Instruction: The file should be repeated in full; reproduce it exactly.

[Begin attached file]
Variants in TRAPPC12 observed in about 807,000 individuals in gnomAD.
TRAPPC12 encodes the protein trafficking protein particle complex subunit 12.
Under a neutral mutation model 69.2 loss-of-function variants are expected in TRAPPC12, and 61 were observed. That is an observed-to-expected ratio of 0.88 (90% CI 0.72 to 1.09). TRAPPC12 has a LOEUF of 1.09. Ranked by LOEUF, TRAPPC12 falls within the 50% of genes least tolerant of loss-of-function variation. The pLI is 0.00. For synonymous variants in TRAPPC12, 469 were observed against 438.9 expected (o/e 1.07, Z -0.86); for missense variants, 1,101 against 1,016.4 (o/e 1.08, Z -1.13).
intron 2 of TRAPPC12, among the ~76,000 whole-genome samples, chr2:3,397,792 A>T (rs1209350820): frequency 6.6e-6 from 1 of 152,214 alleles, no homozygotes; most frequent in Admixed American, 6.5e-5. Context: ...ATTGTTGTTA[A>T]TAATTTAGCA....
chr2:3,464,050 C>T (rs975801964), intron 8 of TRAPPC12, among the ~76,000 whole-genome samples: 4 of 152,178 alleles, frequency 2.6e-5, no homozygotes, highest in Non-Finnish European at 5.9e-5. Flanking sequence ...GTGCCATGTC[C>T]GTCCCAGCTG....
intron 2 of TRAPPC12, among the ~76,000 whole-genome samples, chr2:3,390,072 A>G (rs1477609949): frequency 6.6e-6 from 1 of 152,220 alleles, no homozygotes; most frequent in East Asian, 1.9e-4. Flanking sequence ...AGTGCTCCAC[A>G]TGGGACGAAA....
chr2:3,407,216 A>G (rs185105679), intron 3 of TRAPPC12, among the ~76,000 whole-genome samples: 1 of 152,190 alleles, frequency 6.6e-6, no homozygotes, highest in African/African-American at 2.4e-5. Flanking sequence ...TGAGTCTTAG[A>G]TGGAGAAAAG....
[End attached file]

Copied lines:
Variants in TRAPPC12 observed in about 807,000 individuals in gnomAD.
TRAPPC12 encodes the protein trafficking protein particle complex subunit 12.
Under a neutral mutation model 69.2 loss-of-function variants are expected in TRAPPC12, and 61 were observed. That is an observed-to-expected ratio of 0.88 (90% CI 0.72 to 1.09). TRAPPC12 has a LOEUF of 1.09. Ranked by LOEUF, TRAPPC12 falls within the 50% of genes least tolerant of loss-of-function variation. The pLI is 0.00. For synonymous variants in TRAPPC12, 469 were observed against 438.9 expected (o/e 1.07, Z -0.86); for missense variants, 1,101 against 1,016.4 (o/e 1.08, Z -1.13).
intron 2 of TRAPPC12, among the ~76,000 whole-genome samples, chr2:3,397,792 A>T (rs1209350820): frequency 6.6e-6 from 1 of 152,214 alleles, no homozygotes; most frequent in Admixed American, 6.5e-5. Context: ...ATTGTTGTTA[A>T]TAATTTAGCA....
chr2:3,464,050 C>T (rs975801964), intron 8 of TRAPPC12, among the ~76,000 whole-genome samples: 4 of 152,178 alleles, frequency 2.6e-5, no homozygotes, highest in Non-Finnish European at 5.9e-5. Flanking sequence ...GTGCCATGTC[C>T]GTCCCAGCTG....
intron 2 of TRAPPC12, among the ~76,000 whole-genome samples, chr2:3,390,072 A>G (rs1477609949): frequency 6.6e-6 from 1 of 152,220 alleles, no homozygotes; most frequent in East Asian, 1.9e-4. Flanking sequence ...AGTGCTCCAC[A>G]TGGGACGAAA....
chr2:3,407,216 A>G (rs185105679), intron 3 of TRAPPC12, among the ~76,000 whole-genome samples: 1 of 152,190 alleles, frequency 6.6e-6, no homozygotes, highest in African/African-American at 2.4e-5. Flanking sequence ...TGAGTCTTAG[A>G]TGGAGAAAAG....